LGBTs : fear trigger happy homophobes

It’s a struggle to defend one’s sexual orientation, an uphill task to be accepted as ‘different’ and still find a place in the mainstream. Being part of the LGBT community openly is not one of the easiest decisions to stand by, considering the prejudices and intolerance that come with it. But the recent horrifying shooting incident in Orlando, USA, where a gunman targeted a gay nightclub killing 50 and injuring several others, has brought into focus the rising levels of hostility and resistance the community is up against across the globe.

As they stand in solidarity, members of the LGBT community in India strongly feel that they would any day take on fighting a system that is eager to punish their way of life rather than trigger happy homophobes. With constant engagement – even if it is largely one way – lies the hope of changing attitudes.

According to Anand Chandrani, a vocal gay rights activist and founder of Sarathi Trust, “The Orlando massacre has shown that the liberalism of the West is nothing but a myth. I would say that India, comparatively, is a safer place for the community. Here the babas may preach and sermonise or the right-wingers may tag us as perverts, but generally speaking there are no targeted killings like this. The Orlando shooter though a psychopath with his extreme actions he has perpetrated the ideology of certain anti-social elements, who believe that LGBT people have no right to live and must be punished.”

First LGBT taxi service in Mumbai

Transgender social activist Chamcham Gajbhiye admits that the incident has truly shaken her up. Her voice trembles as she shares candidly, “They were punished because there is a certain group that is convinced that homosexuals are sinful people bringing disgrace to the rest of the so-called normal society. My biggest fear now is: what will stop others, who are equally intolerant, from following suit and using the pretext of religion or mental instability or just eccentricity to pull off something so heinous? How do we as a vulnerable group ensure our safety?”

But it’s not all so dismal insists Uttam Baba, one of the leaders of the Hijra community, who is convinced that such acts of cowardice against humanity also bring out the best in others.
“Undoubtedly the ghastly killings have scarred the entire LGBT community across the world. But, at the same time, it has also been heartening to see so many people from across the spectrum come out and offer their support by donating blood, helping to evacuate the injured and rallying around those that are physically or mentally traumatised,” says Uttam.

Delhi Queer Pride 2015 ( photo credit Indian Express)

Of course, as the shock gives way to anxiety and fear for their lot, Chandrani beings to focus an important issue: he feels it’s time to ensure that such vicious instances against the LGBT community are curtailed in the future. “Once the raw edge of grief subsides strong action must be taken, which will prove to be sure shot deterrents for people like Omar Mateen. It also means ensuring that guns aren’t so freely available. Till the time such stringent steps are taken, the community around the world, and especially in the West, will not be able to live in peace.”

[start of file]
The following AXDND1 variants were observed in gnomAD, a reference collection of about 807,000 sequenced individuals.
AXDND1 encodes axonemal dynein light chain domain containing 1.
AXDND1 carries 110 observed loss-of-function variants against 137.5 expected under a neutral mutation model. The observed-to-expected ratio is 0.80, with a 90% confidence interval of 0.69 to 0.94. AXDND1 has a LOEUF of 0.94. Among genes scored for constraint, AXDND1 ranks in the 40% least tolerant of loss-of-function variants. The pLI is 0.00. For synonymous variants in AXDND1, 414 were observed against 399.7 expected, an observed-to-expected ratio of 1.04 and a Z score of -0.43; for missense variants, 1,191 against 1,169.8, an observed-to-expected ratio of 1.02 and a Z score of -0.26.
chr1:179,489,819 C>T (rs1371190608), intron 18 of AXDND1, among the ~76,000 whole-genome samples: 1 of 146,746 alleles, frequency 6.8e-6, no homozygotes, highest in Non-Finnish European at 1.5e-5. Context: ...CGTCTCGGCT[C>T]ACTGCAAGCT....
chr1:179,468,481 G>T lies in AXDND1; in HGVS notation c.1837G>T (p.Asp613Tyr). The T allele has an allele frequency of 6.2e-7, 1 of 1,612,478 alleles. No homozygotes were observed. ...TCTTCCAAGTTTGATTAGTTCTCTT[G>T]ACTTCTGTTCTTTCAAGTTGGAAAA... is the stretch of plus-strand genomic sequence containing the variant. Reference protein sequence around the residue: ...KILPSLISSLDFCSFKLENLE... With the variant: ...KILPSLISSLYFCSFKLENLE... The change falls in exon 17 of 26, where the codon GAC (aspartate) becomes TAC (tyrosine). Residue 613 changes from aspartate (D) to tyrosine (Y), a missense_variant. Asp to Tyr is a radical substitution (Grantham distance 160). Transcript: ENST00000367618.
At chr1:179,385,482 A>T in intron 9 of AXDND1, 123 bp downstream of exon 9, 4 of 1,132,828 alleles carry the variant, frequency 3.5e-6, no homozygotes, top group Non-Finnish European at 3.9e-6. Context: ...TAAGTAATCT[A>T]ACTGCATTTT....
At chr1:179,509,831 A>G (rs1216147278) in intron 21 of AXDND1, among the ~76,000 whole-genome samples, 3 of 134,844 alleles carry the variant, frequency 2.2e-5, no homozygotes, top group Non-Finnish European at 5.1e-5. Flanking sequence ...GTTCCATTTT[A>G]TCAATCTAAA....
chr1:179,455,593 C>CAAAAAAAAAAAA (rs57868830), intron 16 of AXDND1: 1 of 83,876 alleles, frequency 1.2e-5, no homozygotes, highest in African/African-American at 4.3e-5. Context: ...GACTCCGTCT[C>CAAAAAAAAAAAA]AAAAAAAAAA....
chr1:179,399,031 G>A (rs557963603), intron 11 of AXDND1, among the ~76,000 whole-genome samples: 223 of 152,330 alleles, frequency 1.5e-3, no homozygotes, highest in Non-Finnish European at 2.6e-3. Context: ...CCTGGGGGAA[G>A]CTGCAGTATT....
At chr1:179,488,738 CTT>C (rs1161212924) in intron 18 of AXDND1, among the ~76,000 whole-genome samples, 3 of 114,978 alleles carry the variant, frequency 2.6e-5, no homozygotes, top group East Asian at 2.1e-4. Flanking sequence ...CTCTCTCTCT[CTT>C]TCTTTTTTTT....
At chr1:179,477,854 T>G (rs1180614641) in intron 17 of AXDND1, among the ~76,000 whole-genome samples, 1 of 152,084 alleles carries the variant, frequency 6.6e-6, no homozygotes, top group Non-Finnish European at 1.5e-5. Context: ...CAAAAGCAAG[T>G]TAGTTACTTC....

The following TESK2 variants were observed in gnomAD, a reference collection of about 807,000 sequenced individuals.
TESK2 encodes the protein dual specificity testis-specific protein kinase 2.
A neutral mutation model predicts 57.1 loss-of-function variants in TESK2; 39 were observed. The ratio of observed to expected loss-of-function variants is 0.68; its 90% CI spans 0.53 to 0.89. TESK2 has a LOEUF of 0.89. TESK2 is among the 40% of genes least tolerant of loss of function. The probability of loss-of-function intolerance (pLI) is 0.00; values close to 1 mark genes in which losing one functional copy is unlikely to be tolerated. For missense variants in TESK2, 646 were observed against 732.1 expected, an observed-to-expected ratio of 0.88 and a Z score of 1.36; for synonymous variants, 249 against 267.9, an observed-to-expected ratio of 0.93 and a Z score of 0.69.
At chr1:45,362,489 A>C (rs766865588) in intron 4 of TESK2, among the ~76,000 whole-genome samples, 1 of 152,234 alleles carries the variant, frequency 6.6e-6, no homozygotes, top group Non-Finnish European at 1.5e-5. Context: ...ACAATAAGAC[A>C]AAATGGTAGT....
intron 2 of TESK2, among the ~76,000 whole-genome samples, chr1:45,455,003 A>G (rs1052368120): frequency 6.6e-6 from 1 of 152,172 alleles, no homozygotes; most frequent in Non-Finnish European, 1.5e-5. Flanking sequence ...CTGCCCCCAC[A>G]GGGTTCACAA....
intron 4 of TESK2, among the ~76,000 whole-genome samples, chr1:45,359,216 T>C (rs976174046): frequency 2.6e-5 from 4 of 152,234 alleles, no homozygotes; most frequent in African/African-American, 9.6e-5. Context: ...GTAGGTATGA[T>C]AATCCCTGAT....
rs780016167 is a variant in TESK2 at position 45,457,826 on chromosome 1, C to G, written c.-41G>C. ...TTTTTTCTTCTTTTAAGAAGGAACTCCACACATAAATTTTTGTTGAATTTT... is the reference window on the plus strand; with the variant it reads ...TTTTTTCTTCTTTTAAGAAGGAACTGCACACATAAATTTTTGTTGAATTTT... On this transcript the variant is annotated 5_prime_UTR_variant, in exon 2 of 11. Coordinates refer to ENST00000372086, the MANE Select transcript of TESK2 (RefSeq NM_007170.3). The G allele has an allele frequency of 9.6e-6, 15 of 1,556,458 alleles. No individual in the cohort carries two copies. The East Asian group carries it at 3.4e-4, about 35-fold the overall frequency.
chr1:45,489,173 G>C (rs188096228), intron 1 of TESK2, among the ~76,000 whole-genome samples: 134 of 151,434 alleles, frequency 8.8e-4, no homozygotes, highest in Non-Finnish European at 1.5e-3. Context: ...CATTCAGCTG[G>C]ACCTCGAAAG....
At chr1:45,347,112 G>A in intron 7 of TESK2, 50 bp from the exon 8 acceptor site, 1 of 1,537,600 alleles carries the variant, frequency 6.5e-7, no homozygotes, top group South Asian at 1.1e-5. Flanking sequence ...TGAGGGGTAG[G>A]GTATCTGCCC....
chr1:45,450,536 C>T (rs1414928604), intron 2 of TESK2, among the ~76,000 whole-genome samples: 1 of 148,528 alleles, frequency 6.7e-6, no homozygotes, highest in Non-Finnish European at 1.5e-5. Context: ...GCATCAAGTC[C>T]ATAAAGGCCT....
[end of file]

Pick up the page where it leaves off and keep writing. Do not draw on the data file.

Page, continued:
Agreeing with Chandrani’s observations and call for action, Prince Manvendra Singh, the first royal to come out of the closet in India, who, incidentally, was visiting the US to participate in the LA Pride Parade when the Orlando shooting took place, says, “More than anything else, the reigning emotion among most of the members of the LGBT community in the US today is anger. In fact, this callous and barbaric act has strengthened their resolve to fight the hatred and bias with greater determination.”

Prince Manvendra first gay Indian royal

Ask him if the local LGBT community is hesitant to step up in public after the carnage and Manvendra replies, “On the contrary, in fact. The incident has toughened the willpower of the American gay community. They are more willing than ever to accept their sexuality and stand by one another. We all realise that whether we are in a so-called progressive nation or in a more conservative developing world, our fight is the same and far from over. To secure equal social status, we still have a long way ahead and the path is not easy. However, one thing is for certain: there will be no backing down.”

Uttam Baba adds, “The reality is that the deep-seated aversion for LGBT people and their chosen lifestyle cuts across social, geographical and cultural boundaries. And if people are fed with false information things go from bad to worse. Today, governments must understand that not only do they have to fight terror and its perpetrators, they also have to fight bigotry and skewed belief systems; they have to defend every human being’s right to live and exercise their choices freely.”

This gory incident has certainly stirred some strong emotions, brought hidden concerns to the fore, and served as a wake-up call to many among the LGBT community. And there is a consensus that seems to have emerged in its aftermath – that there is a need to stay united and fight the menace of hatred and bias, head-on. As Chamcham signs off, “One thing is certain we will not be intimidated in the face of such cowardly acts. We will fight our battles with double the vigour and will not give up our right to be as free and happy as any other person in this world.”

  • Written byKrishna

    Krishna is a freelance writer based in Nagpur who writes on development issues.


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